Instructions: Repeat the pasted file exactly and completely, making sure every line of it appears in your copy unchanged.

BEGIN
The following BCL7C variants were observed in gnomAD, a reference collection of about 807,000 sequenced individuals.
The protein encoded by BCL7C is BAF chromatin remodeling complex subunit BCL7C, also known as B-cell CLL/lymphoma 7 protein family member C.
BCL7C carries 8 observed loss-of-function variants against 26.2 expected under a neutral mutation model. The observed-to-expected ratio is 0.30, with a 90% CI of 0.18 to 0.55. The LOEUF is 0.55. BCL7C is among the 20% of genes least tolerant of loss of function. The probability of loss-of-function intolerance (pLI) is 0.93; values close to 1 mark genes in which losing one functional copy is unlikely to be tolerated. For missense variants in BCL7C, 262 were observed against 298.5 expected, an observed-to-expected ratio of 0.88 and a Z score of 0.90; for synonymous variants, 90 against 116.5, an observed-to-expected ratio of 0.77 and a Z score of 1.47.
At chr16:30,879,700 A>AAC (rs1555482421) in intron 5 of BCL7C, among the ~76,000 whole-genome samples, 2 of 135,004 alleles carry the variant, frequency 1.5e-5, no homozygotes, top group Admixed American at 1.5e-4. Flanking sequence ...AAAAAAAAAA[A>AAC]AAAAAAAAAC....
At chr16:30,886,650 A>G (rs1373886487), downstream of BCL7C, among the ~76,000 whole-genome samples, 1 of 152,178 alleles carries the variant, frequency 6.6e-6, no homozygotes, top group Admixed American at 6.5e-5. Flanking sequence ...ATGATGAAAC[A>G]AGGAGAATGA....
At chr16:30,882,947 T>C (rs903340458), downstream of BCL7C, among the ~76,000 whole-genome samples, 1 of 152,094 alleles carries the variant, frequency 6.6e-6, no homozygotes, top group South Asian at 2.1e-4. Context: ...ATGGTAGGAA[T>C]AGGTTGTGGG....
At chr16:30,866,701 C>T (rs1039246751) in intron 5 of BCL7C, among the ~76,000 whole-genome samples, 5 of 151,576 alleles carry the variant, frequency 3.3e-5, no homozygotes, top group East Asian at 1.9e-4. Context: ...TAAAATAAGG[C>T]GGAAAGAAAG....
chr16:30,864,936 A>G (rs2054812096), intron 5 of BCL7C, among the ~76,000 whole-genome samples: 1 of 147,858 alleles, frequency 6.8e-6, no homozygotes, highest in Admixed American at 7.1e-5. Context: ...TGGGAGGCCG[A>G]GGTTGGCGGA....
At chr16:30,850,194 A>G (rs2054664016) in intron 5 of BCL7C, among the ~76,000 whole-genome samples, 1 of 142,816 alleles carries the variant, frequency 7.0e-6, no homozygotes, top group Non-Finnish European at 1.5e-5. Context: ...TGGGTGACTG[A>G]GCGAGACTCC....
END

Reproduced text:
The following BCL7C variants were observed in gnomAD, a reference collection of about 807,000 sequenced individuals.
The protein encoded by BCL7C is BAF chromatin remodeling complex subunit BCL7C, also known as B-cell CLL/lymphoma 7 protein family member C.
BCL7C carries 8 observed loss-of-function variants against 26.2 expected under a neutral mutation model. The observed-to-expected ratio is 0.30, with a 90% CI of 0.18 to 0.55. The LOEUF is 0.55. BCL7C is among the 20% of genes least tolerant of loss of function. The probability of loss-of-function intolerance (pLI) is 0.93; values close to 1 mark genes in which losing one functional copy is unlikely to be tolerated. For missense variants in BCL7C, 262 were observed against 298.5 expected, an observed-to-expected ratio of 0.88 and a Z score of 0.90; for synonymous variants, 90 against 116.5, an observed-to-expected ratio of 0.77 and a Z score of 1.47.
At chr16:30,879,700 A>AAC (rs1555482421) in intron 5 of BCL7C, among the ~76,000 whole-genome samples, 2 of 135,004 alleles carry the variant, frequency 1.5e-5, no homozygotes, top group Admixed American at 1.5e-4. Flanking sequence ...AAAAAAAAAA[A>AAC]AAAAAAAAAC....
At chr16:30,886,650 A>G (rs1373886487), downstream of BCL7C, among the ~76,000 whole-genome samples, 1 of 152,178 alleles carries the variant, frequency 6.6e-6, no homozygotes, top group Admixed American at 6.5e-5. Flanking sequence ...ATGATGAAAC[A>G]AGGAGAATGA....
At chr16:30,882,947 T>C (rs903340458), downstream of BCL7C, among the ~76,000 whole-genome samples, 1 of 152,094 alleles carries the variant, frequency 6.6e-6, no homozygotes, top group South Asian at 2.1e-4. Context: ...ATGGTAGGAA[T>C]AGGTTGTGGG....
At chr16:30,866,701 C>T (rs1039246751) in intron 5 of BCL7C, among the ~76,000 whole-genome samples, 5 of 151,576 alleles carry the variant, frequency 3.3e-5, no homozygotes, top group East Asian at 1.9e-4. Context: ...TAAAATAAGG[C>T]GGAAAGAAAG....
chr16:30,864,936 A>G (rs2054812096), intron 5 of BCL7C, among the ~76,000 whole-genome samples: 1 of 147,858 alleles, frequency 6.8e-6, no homozygotes, highest in Admixed American at 7.1e-5. Context: ...TGGGAGGCCG[A>G]GGTTGGCGGA....
At chr16:30,850,194 A>G (rs2054664016) in intron 5 of BCL7C, among the ~76,000 whole-genome samples, 1 of 142,816 alleles carries the variant, frequency 7.0e-6, no homozygotes, top group Non-Finnish European at 1.5e-5. Context: ...TGGGTGACTG[A>G]GCGAGACTCC....